TRIPLEPOINTS OF INTEREST: SEPT. 21

This week, YouTube redesigns its gaming page to compete with Twitch and announces it’s going to kill the YouTube Gaming app, Sony announces the Playstation Classic, and Spider-Man’s massive sales spark a discussion around AAA, single-player games.

YouTube Launches Gaming Redesign

In a further effort to compete with Twitch for the live games broadcasting crown, YouTube redesigned its gaming portal to mirror some of its competitor’s functionality. Engadget reported that the redesign also borrows heavily from mobile app YouTube Gaming, which will be shut down next March “due to its limited reach.” The reporter cites that most YouTube viewers preferred the standard YouTube mobile app instead of the YouTube Gaming standalone app, and would rather use the platform to watch pre-recorded content such as Let’s Play videos instead of live streaming. The Verge interviewed YouTube’s director of gaming content and partnerships, Ryan Watt, who admitted that most users didn’t even know what the app was for or what kind of content it served. The new redesign, baked into the  main YouTube app and site, features “faster access to top live streams, pages for specific games, and a new ‘On the Rise’ section that highlights up-and-coming creators.” The Verge points out that the service will receive a staggered launch beginning in the US first, as “the system relies on both algorithmic and human curation, and scaling that model will take some time.” Kotaku is pleased to see YouTube implementing “more focused curation features” on its main site, but that it seems like too little, too late to really challenge Twitch’s monopoly on livestreaming games.

Sony Announces “Playstation Classic”

Taking obvious cues from the runaway success of Nintendo’s NES Classic and SNES Classic, Sony announced the new “Playstation Classic,” a miniature version of the retro console featuring 20 built-in games. So far, only five of the 20 planned games have been announced, including Wild Arms, Final Fantasy VII, Tekken 3, Ridge Racer Type 4, and Jumping Flash. In their wishlist for the remaining 15 games on the platform, IGN points out that many hallmark Playstation One titles, such as the Spyro and Crash Bandicoot series, have already received recent HD re-releases and that the Playstation Classic would be better served digging deeper into its library for other revered titles. They also point out that the lack of a DualShock controller likely means that classics such as Ape Escape (which relied on the controller’s joystick functionality) will not be making an appearance in the console’s limited library. Polygon notes that a common complaint regarding the NES Classic and SNES Classic was that users had to hack them if they wanted to add any additional games to the library. They speculate that the plastic cover on the back of the system could possibly be hiding something like an Ethernet port for users to add classic titles they’ve purchased from Playstation Network. The console comes with two controllers, releases on December 3rd, and is available for pre-order now for $100. Tech review site Tom’s Guide points out that Nintendo’s classic consoles’ extensive, acclaimed libraries and cheaper prices makes the Playstation Classic’s price tag a bit off-putting comparatively.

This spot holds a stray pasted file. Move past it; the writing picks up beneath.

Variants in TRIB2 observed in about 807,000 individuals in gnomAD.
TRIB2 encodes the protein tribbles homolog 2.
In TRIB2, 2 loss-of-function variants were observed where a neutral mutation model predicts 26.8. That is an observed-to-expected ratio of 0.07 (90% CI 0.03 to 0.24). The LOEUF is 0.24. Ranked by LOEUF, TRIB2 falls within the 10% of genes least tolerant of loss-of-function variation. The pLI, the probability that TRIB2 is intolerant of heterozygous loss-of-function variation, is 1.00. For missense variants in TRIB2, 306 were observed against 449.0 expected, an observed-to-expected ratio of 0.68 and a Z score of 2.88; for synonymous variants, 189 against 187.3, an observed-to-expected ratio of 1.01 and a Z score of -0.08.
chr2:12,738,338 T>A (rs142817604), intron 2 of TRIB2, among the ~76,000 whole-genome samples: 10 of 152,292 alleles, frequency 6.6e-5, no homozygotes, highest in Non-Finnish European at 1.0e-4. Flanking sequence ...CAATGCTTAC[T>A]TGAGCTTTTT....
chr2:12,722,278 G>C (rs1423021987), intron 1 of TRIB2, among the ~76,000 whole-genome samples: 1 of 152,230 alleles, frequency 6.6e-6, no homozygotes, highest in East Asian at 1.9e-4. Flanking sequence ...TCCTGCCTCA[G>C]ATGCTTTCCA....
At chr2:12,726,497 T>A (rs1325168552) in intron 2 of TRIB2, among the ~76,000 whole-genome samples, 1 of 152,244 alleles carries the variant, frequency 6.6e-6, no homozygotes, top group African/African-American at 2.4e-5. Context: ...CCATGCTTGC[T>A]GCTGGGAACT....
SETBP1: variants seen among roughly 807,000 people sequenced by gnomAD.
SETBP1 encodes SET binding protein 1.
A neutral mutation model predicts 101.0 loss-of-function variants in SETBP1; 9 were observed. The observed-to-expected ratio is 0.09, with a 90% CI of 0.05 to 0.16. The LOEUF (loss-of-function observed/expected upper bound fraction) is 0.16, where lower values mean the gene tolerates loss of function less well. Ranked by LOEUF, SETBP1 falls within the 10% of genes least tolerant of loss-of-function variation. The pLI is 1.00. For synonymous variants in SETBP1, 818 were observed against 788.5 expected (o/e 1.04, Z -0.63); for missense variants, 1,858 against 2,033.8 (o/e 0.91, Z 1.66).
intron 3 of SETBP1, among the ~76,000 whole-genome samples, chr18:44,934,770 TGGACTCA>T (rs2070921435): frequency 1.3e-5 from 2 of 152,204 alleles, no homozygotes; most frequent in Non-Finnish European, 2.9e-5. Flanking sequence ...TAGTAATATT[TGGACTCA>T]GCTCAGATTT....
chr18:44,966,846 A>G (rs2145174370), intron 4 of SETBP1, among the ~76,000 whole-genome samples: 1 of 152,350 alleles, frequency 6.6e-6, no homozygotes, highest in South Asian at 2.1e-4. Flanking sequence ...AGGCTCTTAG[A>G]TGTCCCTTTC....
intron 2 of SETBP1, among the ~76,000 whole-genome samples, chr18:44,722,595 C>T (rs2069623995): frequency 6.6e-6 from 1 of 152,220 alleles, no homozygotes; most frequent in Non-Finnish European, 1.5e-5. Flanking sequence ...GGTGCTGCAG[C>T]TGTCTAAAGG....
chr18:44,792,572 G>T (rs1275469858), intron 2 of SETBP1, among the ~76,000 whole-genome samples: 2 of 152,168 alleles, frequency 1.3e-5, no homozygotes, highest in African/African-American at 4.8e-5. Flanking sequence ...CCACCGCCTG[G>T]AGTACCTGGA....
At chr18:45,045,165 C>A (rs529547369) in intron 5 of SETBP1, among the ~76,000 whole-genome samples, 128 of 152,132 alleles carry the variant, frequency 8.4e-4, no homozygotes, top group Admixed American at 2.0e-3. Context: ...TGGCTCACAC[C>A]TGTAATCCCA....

Spider-Man Breaks Playstation Sales Records

Earlier this year, God of War’s record-breaking sales sparked a discussion (in publications like Comicbook.com and ScreenRant) around how a traditional, standalone, single-player, $60 game with a strong narrative and no microtransactions can still be a massive success in a marketplace seemingly dominated by multiplayer and “games as a service.” Spider-Man’s recent record-setting sales seem to further that narrative as 3.3 million copies were sold in its first three days of release, effectively out-grossing the opening weekend of the recent, hit film Spider-Man: Homecoming, breaking God of War’s recent record of 3.1 million copies sold in the first three days, and setting an all-time record for Sony exclusives. Gamespot, GameRant, and Destructoid all point out that the game’s financial success seems to be on par with its exceedingly positive reception from fans and critics alike. GamesIndustry.biz reported that the game’s second-week sales topped first-week sales for Shadow of the Tomb Raider and NBA 2K19, two new installments in two incredibly popular series.

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